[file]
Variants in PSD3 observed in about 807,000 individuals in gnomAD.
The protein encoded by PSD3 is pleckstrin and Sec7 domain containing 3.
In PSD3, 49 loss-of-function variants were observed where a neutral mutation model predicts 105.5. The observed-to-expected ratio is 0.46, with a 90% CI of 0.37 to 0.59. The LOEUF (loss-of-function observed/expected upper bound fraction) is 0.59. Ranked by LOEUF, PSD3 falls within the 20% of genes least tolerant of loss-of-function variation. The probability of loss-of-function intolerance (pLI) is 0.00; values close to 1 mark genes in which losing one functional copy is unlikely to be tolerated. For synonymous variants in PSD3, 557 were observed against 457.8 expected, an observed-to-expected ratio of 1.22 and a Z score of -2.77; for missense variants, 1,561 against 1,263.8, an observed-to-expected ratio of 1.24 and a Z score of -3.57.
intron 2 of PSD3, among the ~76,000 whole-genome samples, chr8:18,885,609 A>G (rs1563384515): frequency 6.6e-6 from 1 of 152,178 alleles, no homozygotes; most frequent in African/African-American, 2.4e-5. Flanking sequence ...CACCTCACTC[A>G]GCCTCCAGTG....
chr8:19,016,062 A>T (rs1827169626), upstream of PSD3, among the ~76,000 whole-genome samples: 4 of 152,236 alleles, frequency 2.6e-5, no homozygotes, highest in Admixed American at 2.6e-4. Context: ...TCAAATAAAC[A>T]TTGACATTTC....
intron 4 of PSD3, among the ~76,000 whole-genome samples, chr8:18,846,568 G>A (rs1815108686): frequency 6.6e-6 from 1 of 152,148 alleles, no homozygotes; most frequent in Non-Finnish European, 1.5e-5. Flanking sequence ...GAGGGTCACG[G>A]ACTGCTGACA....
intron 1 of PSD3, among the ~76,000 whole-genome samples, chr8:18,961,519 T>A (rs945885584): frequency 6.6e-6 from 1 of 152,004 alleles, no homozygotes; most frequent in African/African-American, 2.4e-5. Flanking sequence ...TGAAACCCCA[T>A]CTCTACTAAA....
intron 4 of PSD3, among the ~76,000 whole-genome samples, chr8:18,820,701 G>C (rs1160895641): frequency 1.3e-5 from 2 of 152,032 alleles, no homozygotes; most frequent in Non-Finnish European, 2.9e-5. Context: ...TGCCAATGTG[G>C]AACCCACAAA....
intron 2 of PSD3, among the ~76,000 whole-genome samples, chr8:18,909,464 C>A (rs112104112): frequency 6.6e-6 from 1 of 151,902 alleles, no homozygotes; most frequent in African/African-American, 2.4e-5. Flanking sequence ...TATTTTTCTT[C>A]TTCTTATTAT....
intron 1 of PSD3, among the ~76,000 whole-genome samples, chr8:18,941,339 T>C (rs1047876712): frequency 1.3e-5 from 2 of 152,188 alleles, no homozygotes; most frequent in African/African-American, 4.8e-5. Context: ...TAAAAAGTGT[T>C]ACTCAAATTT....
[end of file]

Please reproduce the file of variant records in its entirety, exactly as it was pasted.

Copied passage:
Variants in PSD3 observed in about 807,000 individuals in gnomAD.
The protein encoded by PSD3 is pleckstrin and Sec7 domain containing 3.
In PSD3, 49 loss-of-function variants were observed where a neutral mutation model predicts 105.5. The observed-to-expected ratio is 0.46, with a 90% CI of 0.37 to 0.59. The LOEUF (loss-of-function observed/expected upper bound fraction) is 0.59. Ranked by LOEUF, PSD3 falls within the 20% of genes least tolerant of loss-of-function variation. The probability of loss-of-function intolerance (pLI) is 0.00; values close to 1 mark genes in which losing one functional copy is unlikely to be tolerated. For synonymous variants in PSD3, 557 were observed against 457.8 expected, an observed-to-expected ratio of 1.22 and a Z score of -2.77; for missense variants, 1,561 against 1,263.8, an observed-to-expected ratio of 1.24 and a Z score of -3.57.
intron 2 of PSD3, among the ~76,000 whole-genome samples, chr8:18,885,609 A>G (rs1563384515): frequency 6.6e-6 from 1 of 152,178 alleles, no homozygotes; most frequent in African/African-American, 2.4e-5. Flanking sequence ...CACCTCACTC[A>G]GCCTCCAGTG....
chr8:19,016,062 A>T (rs1827169626), upstream of PSD3, among the ~76,000 whole-genome samples: 4 of 152,236 alleles, frequency 2.6e-5, no homozygotes, highest in Admixed American at 2.6e-4. Context: ...TCAAATAAAC[A>T]TTGACATTTC....
intron 4 of PSD3, among the ~76,000 whole-genome samples, chr8:18,846,568 G>A (rs1815108686): frequency 6.6e-6 from 1 of 152,148 alleles, no homozygotes; most frequent in Non-Finnish European, 1.5e-5. Flanking sequence ...GAGGGTCACG[G>A]ACTGCTGACA....
intron 1 of PSD3, among the ~76,000 whole-genome samples, chr8:18,961,519 T>A (rs945885584): frequency 6.6e-6 from 1 of 152,004 alleles, no homozygotes; most frequent in African/African-American, 2.4e-5. Flanking sequence ...TGAAACCCCA[T>A]CTCTACTAAA....
intron 4 of PSD3, among the ~76,000 whole-genome samples, chr8:18,820,701 G>C (rs1160895641): frequency 1.3e-5 from 2 of 152,032 alleles, no homozygotes; most frequent in Non-Finnish European, 2.9e-5. Context: ...TGCCAATGTG[G>C]AACCCACAAA....
intron 2 of PSD3, among the ~76,000 whole-genome samples, chr8:18,909,464 C>A (rs112104112): frequency 6.6e-6 from 1 of 151,902 alleles, no homozygotes; most frequent in African/African-American, 2.4e-5. Flanking sequence ...TATTTTTCTT[C>A]TTCTTATTAT....
intron 1 of PSD3, among the ~76,000 whole-genome samples, chr8:18,941,339 T>C (rs1047876712): frequency 1.3e-5 from 2 of 152,188 alleles, no homozygotes; most frequent in African/African-American, 4.8e-5. Context: ...TAAAAAGTGT[T>C]ACTCAAATTT....